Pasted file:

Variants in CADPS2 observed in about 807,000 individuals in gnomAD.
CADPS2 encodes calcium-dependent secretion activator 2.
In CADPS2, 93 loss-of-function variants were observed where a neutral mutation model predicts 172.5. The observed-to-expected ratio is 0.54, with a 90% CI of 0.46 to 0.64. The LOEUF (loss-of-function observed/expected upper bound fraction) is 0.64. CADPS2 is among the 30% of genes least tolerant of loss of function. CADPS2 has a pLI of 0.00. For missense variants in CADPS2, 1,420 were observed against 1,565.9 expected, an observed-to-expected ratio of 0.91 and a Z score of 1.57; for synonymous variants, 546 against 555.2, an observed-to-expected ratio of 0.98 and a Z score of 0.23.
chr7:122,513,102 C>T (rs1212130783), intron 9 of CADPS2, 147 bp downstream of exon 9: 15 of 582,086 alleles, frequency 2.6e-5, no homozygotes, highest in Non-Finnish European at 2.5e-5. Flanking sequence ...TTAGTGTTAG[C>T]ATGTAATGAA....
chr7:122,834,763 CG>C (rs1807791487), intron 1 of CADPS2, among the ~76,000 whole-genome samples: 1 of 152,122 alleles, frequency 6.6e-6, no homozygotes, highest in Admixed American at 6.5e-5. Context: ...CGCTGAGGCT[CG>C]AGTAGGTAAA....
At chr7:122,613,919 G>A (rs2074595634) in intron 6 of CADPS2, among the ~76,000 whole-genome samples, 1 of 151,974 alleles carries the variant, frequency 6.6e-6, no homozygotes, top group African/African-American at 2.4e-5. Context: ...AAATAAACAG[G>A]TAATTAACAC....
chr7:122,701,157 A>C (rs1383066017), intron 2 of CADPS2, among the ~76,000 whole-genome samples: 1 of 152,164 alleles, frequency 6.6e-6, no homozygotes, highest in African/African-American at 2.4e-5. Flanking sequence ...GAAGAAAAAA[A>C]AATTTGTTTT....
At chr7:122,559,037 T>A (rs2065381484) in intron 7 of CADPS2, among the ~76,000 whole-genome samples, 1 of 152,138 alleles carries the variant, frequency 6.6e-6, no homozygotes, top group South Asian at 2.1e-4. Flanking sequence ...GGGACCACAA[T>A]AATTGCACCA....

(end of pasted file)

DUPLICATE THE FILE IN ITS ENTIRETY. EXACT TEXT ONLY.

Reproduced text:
Variants in CADPS2 observed in about 807,000 individuals in gnomAD.
CADPS2 encodes calcium-dependent secretion activator 2.
In CADPS2, 93 loss-of-function variants were observed where a neutral mutation model predicts 172.5. The observed-to-expected ratio is 0.54, with a 90% CI of 0.46 to 0.64. The LOEUF (loss-of-function observed/expected upper bound fraction) is 0.64. CADPS2 is among the 30% of genes least tolerant of loss of function. CADPS2 has a pLI of 0.00. For missense variants in CADPS2, 1,420 were observed against 1,565.9 expected, an observed-to-expected ratio of 0.91 and a Z score of 1.57; for synonymous variants, 546 against 555.2, an observed-to-expected ratio of 0.98 and a Z score of 0.23.
chr7:122,513,102 C>T (rs1212130783), intron 9 of CADPS2, 147 bp downstream of exon 9: 15 of 582,086 alleles, frequency 2.6e-5, no homozygotes, highest in Non-Finnish European at 2.5e-5. Flanking sequence ...TTAGTGTTAG[C>T]ATGTAATGAA....
chr7:122,834,763 CG>C (rs1807791487), intron 1 of CADPS2, among the ~76,000 whole-genome samples: 1 of 152,122 alleles, frequency 6.6e-6, no homozygotes, highest in Admixed American at 6.5e-5. Context: ...CGCTGAGGCT[CG>C]AGTAGGTAAA....
At chr7:122,613,919 G>A (rs2074595634) in intron 6 of CADPS2, among the ~76,000 whole-genome samples, 1 of 151,974 alleles carries the variant, frequency 6.6e-6, no homozygotes, top group African/African-American at 2.4e-5. Context: ...AAATAAACAG[G>A]TAATTAACAC....
chr7:122,701,157 A>C (rs1383066017), intron 2 of CADPS2, among the ~76,000 whole-genome samples: 1 of 152,164 alleles, frequency 6.6e-6, no homozygotes, highest in African/African-American at 2.4e-5. Flanking sequence ...GAAGAAAAAA[A>C]AATTTGTTTT....
At chr7:122,559,037 T>A (rs2065381484) in intron 7 of CADPS2, among the ~76,000 whole-genome samples, 1 of 152,138 alleles carries the variant, frequency 6.6e-6, no homozygotes, top group South Asian at 2.1e-4. Flanking sequence ...GGGACCACAA[T>A]AATTGCACCA....